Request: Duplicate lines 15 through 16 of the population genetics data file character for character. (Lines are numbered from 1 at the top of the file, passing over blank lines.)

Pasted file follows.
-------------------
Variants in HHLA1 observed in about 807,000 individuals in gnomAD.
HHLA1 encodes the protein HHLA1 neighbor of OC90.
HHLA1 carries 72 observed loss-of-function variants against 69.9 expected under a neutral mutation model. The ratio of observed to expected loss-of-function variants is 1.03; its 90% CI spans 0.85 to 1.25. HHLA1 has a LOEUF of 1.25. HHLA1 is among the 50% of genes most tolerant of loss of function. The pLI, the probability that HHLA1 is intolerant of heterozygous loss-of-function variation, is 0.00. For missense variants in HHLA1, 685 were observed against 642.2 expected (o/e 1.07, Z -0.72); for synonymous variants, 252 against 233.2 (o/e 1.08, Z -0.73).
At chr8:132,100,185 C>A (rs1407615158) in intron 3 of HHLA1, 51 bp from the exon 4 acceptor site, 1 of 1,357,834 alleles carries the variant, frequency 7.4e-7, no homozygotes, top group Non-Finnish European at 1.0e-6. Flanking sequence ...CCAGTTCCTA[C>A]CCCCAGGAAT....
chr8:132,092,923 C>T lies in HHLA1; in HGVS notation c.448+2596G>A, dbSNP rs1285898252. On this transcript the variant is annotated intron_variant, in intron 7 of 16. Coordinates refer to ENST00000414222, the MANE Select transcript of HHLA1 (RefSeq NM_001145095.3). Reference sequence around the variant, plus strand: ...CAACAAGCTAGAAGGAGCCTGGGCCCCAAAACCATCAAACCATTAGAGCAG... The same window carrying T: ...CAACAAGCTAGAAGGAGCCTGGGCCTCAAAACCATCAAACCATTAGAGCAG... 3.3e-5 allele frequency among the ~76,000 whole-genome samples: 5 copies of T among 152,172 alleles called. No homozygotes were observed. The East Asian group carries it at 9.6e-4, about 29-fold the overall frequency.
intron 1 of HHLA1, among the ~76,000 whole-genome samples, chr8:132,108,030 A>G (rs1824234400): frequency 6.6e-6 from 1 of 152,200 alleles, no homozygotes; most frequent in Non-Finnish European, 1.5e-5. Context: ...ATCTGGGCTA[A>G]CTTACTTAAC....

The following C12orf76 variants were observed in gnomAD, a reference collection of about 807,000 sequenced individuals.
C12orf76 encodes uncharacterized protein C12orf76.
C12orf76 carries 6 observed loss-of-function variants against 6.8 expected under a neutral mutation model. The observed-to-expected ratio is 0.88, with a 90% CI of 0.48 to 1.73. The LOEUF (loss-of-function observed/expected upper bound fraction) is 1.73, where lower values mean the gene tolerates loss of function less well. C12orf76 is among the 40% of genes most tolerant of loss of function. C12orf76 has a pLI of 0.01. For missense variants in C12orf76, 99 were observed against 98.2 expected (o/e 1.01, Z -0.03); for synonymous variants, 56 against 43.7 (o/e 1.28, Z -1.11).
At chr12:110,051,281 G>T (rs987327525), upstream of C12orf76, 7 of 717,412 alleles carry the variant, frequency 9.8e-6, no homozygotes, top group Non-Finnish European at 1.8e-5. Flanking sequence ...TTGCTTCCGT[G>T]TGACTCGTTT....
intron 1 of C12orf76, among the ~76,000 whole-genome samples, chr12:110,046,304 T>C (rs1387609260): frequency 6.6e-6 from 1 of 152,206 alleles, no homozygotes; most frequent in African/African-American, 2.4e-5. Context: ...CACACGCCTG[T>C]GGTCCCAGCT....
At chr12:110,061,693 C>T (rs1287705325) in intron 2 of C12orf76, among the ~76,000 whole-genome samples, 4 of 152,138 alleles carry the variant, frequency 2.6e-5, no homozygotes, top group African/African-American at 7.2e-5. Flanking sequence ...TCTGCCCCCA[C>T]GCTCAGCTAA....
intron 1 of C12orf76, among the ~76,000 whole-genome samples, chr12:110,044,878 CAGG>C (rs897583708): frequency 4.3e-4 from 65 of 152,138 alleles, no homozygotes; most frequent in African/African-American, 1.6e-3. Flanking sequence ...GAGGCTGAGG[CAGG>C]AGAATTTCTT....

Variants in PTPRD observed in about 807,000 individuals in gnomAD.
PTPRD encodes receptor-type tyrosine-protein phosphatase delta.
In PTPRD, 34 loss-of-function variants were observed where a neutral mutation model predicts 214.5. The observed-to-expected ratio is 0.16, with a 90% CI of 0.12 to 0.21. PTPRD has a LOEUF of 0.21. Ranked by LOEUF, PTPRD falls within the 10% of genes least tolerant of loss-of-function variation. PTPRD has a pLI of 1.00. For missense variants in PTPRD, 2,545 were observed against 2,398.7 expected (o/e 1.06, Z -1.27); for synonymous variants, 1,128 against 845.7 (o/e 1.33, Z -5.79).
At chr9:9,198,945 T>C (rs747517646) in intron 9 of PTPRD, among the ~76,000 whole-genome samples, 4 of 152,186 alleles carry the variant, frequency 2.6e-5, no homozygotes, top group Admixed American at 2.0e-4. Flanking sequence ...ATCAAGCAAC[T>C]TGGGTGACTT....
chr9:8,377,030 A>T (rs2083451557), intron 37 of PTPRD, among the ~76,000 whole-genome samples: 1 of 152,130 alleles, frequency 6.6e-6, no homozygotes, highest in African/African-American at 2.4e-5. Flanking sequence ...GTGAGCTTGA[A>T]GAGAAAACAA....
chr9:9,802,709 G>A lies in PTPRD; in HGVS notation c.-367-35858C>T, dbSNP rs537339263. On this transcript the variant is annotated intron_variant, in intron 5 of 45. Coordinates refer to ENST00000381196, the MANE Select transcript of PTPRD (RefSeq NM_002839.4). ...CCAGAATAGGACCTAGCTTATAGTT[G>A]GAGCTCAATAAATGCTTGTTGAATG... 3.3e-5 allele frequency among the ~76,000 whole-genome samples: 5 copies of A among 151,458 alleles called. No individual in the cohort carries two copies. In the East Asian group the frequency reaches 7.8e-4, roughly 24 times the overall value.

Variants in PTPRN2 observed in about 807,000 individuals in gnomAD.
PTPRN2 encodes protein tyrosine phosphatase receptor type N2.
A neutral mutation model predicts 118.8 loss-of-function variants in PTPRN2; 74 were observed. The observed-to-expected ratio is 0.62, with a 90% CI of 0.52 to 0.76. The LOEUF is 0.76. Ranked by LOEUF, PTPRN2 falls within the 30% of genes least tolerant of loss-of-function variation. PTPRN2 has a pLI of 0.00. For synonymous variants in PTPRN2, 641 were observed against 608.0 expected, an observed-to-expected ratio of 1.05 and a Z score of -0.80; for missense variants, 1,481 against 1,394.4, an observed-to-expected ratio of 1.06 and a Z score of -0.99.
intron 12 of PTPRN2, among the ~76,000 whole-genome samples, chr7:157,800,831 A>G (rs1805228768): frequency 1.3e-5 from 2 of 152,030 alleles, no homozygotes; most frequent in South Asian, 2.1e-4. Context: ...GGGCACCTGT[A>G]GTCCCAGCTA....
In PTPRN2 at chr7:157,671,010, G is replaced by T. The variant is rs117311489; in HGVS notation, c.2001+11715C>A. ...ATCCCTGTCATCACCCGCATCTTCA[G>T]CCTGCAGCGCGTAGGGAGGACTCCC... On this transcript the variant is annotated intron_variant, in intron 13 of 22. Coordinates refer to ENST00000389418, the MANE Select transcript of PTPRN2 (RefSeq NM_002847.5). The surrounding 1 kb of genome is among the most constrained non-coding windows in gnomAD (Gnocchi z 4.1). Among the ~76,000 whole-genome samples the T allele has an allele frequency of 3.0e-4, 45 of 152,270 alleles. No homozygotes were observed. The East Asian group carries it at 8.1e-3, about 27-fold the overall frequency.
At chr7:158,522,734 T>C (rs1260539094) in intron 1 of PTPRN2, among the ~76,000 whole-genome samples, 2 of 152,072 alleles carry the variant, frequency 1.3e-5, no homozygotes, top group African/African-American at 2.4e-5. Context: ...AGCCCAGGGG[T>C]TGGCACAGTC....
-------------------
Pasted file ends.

PTPRD encodes receptor-type tyrosine-protein phosphatase delta.
In PTPRD, 34 loss-of-function variants were observed where a neutral mutation model predicts 214.5. The observed-to-expected ratio is 0.16, with a 90% CI of 0.12 to 0.21. PTPRD has a LOEUF of 0.21. Ranked by LOEUF, PTPRD falls within the 10% of genes least tolerant of loss-of-function variation. PTPRD has a pLI of 1.00. For missense variants in PTPRD, 2,545 were observed against 2,398.7 expected (o/e 1.06, Z -1.27); for synonymous variants, 1,128 against 845.7 (o/e 1.33, Z -5.79).